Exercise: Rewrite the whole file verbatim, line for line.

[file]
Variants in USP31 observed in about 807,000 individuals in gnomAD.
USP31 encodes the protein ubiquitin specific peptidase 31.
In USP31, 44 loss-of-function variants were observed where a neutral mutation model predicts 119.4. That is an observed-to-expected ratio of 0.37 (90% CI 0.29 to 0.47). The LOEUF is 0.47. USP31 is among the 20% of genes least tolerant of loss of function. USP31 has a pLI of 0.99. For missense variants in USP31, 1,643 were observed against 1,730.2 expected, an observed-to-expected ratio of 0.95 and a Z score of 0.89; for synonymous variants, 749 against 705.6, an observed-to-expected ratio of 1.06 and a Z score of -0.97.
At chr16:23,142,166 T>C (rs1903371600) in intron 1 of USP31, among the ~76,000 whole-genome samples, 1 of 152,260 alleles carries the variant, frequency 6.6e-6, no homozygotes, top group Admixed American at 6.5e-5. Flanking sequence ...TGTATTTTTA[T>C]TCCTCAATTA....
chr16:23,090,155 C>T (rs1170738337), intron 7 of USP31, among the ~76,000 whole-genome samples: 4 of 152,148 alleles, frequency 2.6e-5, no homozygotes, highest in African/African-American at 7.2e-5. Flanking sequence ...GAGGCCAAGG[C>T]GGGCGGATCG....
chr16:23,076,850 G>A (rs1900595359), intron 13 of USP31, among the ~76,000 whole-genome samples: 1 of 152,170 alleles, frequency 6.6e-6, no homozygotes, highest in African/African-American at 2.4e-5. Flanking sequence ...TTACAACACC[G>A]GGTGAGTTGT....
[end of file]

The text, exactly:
Variants in USP31 observed in about 807,000 individuals in gnomAD.
USP31 encodes the protein ubiquitin specific peptidase 31.
In USP31, 44 loss-of-function variants were observed where a neutral mutation model predicts 119.4. That is an observed-to-expected ratio of 0.37 (90% CI 0.29 to 0.47). The LOEUF is 0.47. USP31 is among the 20% of genes least tolerant of loss of function. USP31 has a pLI of 0.99. For missense variants in USP31, 1,643 were observed against 1,730.2 expected, an observed-to-expected ratio of 0.95 and a Z score of 0.89; for synonymous variants, 749 against 705.6, an observed-to-expected ratio of 1.06 and a Z score of -0.97.
At chr16:23,142,166 T>C (rs1903371600) in intron 1 of USP31, among the ~76,000 whole-genome samples, 1 of 152,260 alleles carries the variant, frequency 6.6e-6, no homozygotes, top group Admixed American at 6.5e-5. Flanking sequence ...TGTATTTTTA[T>C]TCCTCAATTA....
chr16:23,090,155 C>T (rs1170738337), intron 7 of USP31, among the ~76,000 whole-genome samples: 4 of 152,148 alleles, frequency 2.6e-5, no homozygotes, highest in African/African-American at 7.2e-5. Flanking sequence ...GAGGCCAAGG[C>T]GGGCGGATCG....
chr16:23,076,850 G>A (rs1900595359), intron 13 of USP31, among the ~76,000 whole-genome samples: 1 of 152,170 alleles, frequency 6.6e-6, no homozygotes, highest in African/African-American at 2.4e-5. Flanking sequence ...TTACAACACC[G>A]GGTGAGTTGT....